The tiny room was a neatly organized presentation of bicycle paraphernalia.  A couple of dozen bike jerseys hung, side by side, framed by the doorway, of a door less closet.  Two pairs of cycle shoes, one set well used and one set unused, rested beneath the hanging shirts.  Several wheel sets, all tubular, were stacked neatly beside one another on some kind of a home-made rack.  Two sets had Campagnolo Record low flange hubs, one set of Mavic hubs featured on another, and two sets built with Shimano Dura Ace units.  I can remember thinking that whoever did own this stuff was a serious rider.  Included with the wheel sets were three NOS tubular tires.

A pastel purple, slightly bent frame set, with no front forks, hung from a wood peg, attached to the wall.  Several small cardboard boxes, piled past flush with Velo stuff, threatened to spill their contents onto the hand finished, concrete floor.  But, none had spilled.  The room was the epitome of neatness.  The whole situation for me, smacked of Ali Baba's cave, as the forty watt bulb struggled to steal the gloom of the room.  I was having fun!

This was a pretty nice find, in my opinion, and I was more than interested in acquiring, everything, he had showed me.  The seller and I talked over price.  I was stunned, at what he was asking for everything.  We talked some more and the price did shift, in my favour, but hardly enough for me to think I was getting a really good deal.  With the price set, and cash exchanged, he and I started hauling the boxes, wheels and one jersey, out of the basement.  The rest of the jerseys were kept, for sentimental reasons, but the one that I got was a Gardin shirt and one that would fit me just fine the day cows start flying.  Actually, the hope of fit one day was about as foolish as one can get.  The jersey was snug, on my wife, who is half my size - most of the time.

The seller and I, hauled everything out of the basement, and piled the stuff high, in the garage.  I would have to come back, to pick everything up, with my half ton a little later.  As I was making arrangements to return with cash and carry, the old guy presented the Specialized Pro.  In my having lots of fun excitement, I had completely forgotten about the other bicycle.  By the way, this is a perfect story to demonstrate how not to go about buying a bicycle.  It is really easy to get really excited and make some really dumb mistakes.  I know all about this.

The Pro was not a complete bicycle.  Rather, it was a cobbled together, assortment of mismatched parts that did not even include a drive chain or transmission.  But the frame set looked to be in good condition.  Remember, the bike and I were still inside of the gloomy garage!  Even though the bicycle was intended to be part of the deal, I felt as if a really nice extra had been thrown in.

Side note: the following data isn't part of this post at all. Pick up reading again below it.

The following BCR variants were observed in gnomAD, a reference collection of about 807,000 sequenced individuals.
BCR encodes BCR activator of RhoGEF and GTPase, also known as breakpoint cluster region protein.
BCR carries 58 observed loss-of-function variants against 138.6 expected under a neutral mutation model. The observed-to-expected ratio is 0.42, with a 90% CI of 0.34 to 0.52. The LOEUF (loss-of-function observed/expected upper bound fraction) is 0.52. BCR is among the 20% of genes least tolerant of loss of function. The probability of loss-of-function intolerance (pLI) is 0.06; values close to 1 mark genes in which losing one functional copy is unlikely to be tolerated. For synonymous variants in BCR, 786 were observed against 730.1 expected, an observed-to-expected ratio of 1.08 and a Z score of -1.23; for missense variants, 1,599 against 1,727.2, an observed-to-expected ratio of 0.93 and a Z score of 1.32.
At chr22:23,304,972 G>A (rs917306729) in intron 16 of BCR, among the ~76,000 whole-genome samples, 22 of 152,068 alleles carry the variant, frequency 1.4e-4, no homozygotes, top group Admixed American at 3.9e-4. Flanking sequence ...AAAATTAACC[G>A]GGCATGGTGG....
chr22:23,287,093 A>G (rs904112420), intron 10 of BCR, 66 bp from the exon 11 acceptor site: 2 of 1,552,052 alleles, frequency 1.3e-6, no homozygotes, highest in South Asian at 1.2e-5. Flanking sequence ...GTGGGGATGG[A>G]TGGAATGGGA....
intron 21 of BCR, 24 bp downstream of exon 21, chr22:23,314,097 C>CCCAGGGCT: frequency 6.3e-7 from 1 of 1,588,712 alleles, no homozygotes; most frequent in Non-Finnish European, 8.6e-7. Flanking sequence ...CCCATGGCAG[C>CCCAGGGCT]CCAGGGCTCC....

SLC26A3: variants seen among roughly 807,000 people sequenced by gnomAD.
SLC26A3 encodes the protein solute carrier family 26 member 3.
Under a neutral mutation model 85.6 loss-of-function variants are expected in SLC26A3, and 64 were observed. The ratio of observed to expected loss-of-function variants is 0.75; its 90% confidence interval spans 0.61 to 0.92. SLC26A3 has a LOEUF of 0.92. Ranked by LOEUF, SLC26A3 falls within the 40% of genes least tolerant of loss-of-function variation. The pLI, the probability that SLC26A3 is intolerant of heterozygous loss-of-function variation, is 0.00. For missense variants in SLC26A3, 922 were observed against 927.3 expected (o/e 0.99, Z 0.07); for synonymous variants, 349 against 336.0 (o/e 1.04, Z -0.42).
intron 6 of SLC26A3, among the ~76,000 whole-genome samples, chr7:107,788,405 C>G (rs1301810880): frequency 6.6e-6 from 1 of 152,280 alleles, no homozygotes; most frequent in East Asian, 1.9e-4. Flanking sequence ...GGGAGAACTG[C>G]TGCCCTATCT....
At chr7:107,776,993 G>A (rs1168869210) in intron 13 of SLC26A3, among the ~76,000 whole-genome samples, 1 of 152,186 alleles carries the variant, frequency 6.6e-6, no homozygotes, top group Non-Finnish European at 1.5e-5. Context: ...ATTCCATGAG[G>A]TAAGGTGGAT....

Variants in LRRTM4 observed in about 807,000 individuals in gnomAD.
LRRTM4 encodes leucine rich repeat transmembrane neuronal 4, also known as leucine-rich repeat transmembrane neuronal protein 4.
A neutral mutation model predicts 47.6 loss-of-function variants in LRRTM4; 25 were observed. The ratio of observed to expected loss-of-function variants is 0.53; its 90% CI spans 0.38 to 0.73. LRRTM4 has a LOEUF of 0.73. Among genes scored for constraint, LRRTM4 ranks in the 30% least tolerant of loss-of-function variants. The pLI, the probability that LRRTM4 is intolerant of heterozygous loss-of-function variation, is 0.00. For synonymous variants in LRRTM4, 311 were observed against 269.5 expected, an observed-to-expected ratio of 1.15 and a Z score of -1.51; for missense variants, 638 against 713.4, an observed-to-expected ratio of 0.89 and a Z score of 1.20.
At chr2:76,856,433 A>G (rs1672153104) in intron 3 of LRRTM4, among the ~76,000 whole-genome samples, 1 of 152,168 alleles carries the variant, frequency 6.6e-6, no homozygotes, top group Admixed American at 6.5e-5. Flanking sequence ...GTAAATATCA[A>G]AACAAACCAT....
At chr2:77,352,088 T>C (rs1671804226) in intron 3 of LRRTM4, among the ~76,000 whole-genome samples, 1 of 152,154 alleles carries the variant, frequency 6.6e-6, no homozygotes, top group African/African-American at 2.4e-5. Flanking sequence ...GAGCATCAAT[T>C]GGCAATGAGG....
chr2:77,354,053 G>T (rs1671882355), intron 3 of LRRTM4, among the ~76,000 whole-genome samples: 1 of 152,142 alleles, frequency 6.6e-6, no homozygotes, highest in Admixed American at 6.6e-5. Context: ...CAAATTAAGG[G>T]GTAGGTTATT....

The frame set itself was made of chrome moly, double butted tubing and so stated, without fanfare, on the seat tube.  And my guess is that the tubing is quality stuff and pretty thin.  When flicked with a finger nail, the tubes ring like a bell.  To me, this suggests a quality tube set.  And, the cleanly installed forged drops, add to that evaluation.  Long pointed lugs are perfectly fitted and brazed to the tubes, suggesting that both, craftsmanship and material choice, defined the quality of the frame and fork set.  Increasing the interest, even more, are the nicely done fast back seat stays.  They too are beautifully mounted and even ornate, in their appearance.  Little features that make the difference between good enough and good.  All in all, the more I looked the frame and fork set over, the greater my interest grew.

Sadly, and once I got the Specialized into the sunlight, a flaw presented itself.  The front brake calliper had dented the down tube of the frame set.  This is a common problem with high end vintage bicycles.  The tubing in quite thin and easily dented.  I have run across many a nice old road bicycle, with this exact same kind of damage, in the exact same spot.  That single dent moved this beautiful old frame from the "special find" category to the "what will I do with it" one.  Frame damage, of any kind, will significantly lower the value of any old road bike!  It was that dent alone that made it easy for me to select my next "Junk Bike".

In all honesty, it took me a long time to get at the Allez Pro.  The bicycle hung in The Old Shed for some time before capturing my imagination.  My imagination is often captured as thoughts of riding season approach.  As mentioned, each year I build myself up a "Junk Bike" and the Specialized won the honour for that year.  And, each year someone buys the ride out from under me.  I speak figuratively, of course, but I have had people follow me home, and hand me cash, before leaving.  The Specialized was to become my "Junker" for the upcoming season.